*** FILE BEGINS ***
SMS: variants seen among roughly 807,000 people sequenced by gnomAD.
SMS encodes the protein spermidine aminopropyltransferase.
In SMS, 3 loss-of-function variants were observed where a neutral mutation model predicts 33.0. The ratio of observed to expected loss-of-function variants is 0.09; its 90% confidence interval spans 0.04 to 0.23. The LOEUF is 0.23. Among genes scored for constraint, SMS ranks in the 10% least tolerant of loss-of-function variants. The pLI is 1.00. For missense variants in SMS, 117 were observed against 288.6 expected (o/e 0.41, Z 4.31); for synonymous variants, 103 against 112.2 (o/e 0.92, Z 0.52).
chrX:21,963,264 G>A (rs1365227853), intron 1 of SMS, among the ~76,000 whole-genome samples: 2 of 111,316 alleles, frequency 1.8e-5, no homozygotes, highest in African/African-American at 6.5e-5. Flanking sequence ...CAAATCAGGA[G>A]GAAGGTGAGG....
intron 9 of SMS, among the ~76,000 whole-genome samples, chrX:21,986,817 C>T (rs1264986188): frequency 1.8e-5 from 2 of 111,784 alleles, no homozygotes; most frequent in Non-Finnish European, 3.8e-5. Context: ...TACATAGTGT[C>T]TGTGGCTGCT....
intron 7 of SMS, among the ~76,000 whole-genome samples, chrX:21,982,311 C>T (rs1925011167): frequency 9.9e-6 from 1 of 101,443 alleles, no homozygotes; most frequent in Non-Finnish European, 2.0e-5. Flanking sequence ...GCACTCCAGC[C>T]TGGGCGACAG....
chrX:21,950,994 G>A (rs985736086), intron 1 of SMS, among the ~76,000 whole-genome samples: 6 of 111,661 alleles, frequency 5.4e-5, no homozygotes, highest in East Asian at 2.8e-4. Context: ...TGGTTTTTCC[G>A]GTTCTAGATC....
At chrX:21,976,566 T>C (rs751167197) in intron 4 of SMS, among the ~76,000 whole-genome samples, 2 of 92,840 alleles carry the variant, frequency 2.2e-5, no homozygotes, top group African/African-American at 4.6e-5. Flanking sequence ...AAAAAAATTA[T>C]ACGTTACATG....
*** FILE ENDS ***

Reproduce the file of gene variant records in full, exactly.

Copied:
SMS: variants seen among roughly 807,000 people sequenced by gnomAD.
SMS encodes the protein spermidine aminopropyltransferase.
In SMS, 3 loss-of-function variants were observed where a neutral mutation model predicts 33.0. The ratio of observed to expected loss-of-function variants is 0.09; its 90% confidence interval spans 0.04 to 0.23. The LOEUF is 0.23. Among genes scored for constraint, SMS ranks in the 10% least tolerant of loss-of-function variants. The pLI is 1.00. For missense variants in SMS, 117 were observed against 288.6 expected (o/e 0.41, Z 4.31); for synonymous variants, 103 against 112.2 (o/e 0.92, Z 0.52).
chrX:21,963,264 G>A (rs1365227853), intron 1 of SMS, among the ~76,000 whole-genome samples: 2 of 111,316 alleles, frequency 1.8e-5, no homozygotes, highest in African/African-American at 6.5e-5. Flanking sequence ...CAAATCAGGA[G>A]GAAGGTGAGG....
intron 9 of SMS, among the ~76,000 whole-genome samples, chrX:21,986,817 C>T (rs1264986188): frequency 1.8e-5 from 2 of 111,784 alleles, no homozygotes; most frequent in Non-Finnish European, 3.8e-5. Context: ...TACATAGTGT[C>T]TGTGGCTGCT....
intron 7 of SMS, among the ~76,000 whole-genome samples, chrX:21,982,311 C>T (rs1925011167): frequency 9.9e-6 from 1 of 101,443 alleles, no homozygotes; most frequent in Non-Finnish European, 2.0e-5. Flanking sequence ...GCACTCCAGC[C>T]TGGGCGACAG....
chrX:21,950,994 G>A (rs985736086), intron 1 of SMS, among the ~76,000 whole-genome samples: 6 of 111,661 alleles, frequency 5.4e-5, no homozygotes, highest in East Asian at 2.8e-4. Context: ...TGGTTTTTCC[G>A]GTTCTAGATC....
At chrX:21,976,566 T>C (rs751167197) in intron 4 of SMS, among the ~76,000 whole-genome samples, 2 of 92,840 alleles carry the variant, frequency 2.2e-5, no homozygotes, top group African/African-American at 4.6e-5. Flanking sequence ...AAAAAAATTA[T>C]ACGTTACATG....